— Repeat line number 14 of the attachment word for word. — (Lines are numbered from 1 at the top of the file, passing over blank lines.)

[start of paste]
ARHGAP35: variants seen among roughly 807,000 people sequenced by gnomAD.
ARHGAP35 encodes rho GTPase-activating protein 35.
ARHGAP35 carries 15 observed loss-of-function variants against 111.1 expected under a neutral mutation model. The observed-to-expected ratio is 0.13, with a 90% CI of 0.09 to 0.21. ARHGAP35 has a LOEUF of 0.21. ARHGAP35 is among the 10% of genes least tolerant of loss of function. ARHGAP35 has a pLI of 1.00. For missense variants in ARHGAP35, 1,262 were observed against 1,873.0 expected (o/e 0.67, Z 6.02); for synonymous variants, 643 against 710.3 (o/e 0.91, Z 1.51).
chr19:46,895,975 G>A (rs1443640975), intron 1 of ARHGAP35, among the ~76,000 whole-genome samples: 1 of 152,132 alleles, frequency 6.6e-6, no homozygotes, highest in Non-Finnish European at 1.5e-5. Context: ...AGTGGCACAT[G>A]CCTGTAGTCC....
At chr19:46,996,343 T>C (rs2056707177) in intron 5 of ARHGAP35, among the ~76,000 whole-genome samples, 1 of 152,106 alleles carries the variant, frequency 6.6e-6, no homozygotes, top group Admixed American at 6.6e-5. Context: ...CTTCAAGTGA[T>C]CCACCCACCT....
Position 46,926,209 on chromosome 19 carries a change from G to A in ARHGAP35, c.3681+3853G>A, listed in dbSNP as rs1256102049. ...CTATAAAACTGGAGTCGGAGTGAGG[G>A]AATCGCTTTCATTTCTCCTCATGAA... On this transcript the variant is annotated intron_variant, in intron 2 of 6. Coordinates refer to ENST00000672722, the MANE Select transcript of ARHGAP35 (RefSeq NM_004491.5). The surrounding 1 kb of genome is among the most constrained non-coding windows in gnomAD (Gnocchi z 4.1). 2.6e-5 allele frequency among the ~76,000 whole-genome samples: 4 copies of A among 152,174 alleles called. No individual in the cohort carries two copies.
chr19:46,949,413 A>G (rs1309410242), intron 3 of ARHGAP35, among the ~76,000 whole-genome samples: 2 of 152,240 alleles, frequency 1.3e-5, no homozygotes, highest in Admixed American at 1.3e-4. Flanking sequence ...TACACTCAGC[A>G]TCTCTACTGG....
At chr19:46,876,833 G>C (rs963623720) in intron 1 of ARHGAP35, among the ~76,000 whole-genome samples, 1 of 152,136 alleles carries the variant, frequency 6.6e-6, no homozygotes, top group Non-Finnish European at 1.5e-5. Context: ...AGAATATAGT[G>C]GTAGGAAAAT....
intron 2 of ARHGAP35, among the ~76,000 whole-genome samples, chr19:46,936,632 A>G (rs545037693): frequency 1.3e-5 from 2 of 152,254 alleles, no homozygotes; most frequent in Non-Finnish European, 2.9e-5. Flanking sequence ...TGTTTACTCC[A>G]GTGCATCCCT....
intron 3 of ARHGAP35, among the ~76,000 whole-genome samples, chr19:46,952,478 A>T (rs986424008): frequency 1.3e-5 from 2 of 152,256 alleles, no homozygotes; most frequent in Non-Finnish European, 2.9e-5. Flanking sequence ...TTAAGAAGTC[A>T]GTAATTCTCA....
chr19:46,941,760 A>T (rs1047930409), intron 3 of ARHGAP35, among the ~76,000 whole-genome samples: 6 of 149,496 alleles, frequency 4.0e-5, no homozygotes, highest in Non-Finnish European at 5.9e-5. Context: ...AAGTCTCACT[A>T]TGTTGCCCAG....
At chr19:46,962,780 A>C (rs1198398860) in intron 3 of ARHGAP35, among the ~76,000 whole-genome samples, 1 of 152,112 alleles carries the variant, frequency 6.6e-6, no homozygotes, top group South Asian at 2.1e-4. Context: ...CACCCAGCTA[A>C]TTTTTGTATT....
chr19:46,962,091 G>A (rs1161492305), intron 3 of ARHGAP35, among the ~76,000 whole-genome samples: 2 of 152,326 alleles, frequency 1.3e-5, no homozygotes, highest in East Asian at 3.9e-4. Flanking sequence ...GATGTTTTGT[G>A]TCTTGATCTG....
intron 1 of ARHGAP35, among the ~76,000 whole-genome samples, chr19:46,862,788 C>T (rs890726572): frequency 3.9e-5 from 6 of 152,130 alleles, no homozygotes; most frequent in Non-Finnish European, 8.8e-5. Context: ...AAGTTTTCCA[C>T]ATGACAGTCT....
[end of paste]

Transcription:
intron 1 of ARHGAP35, among the ~76,000 whole-genome samples, chr19:46,862,788 C>T (rs890726572): frequency 3.9e-5 from 6 of 152,130 alleles, no homozygotes; most frequent in Non-Finnish European, 8.8e-5. Context: ...AAGTTTTCCA[C>T]ATGACAGTCT....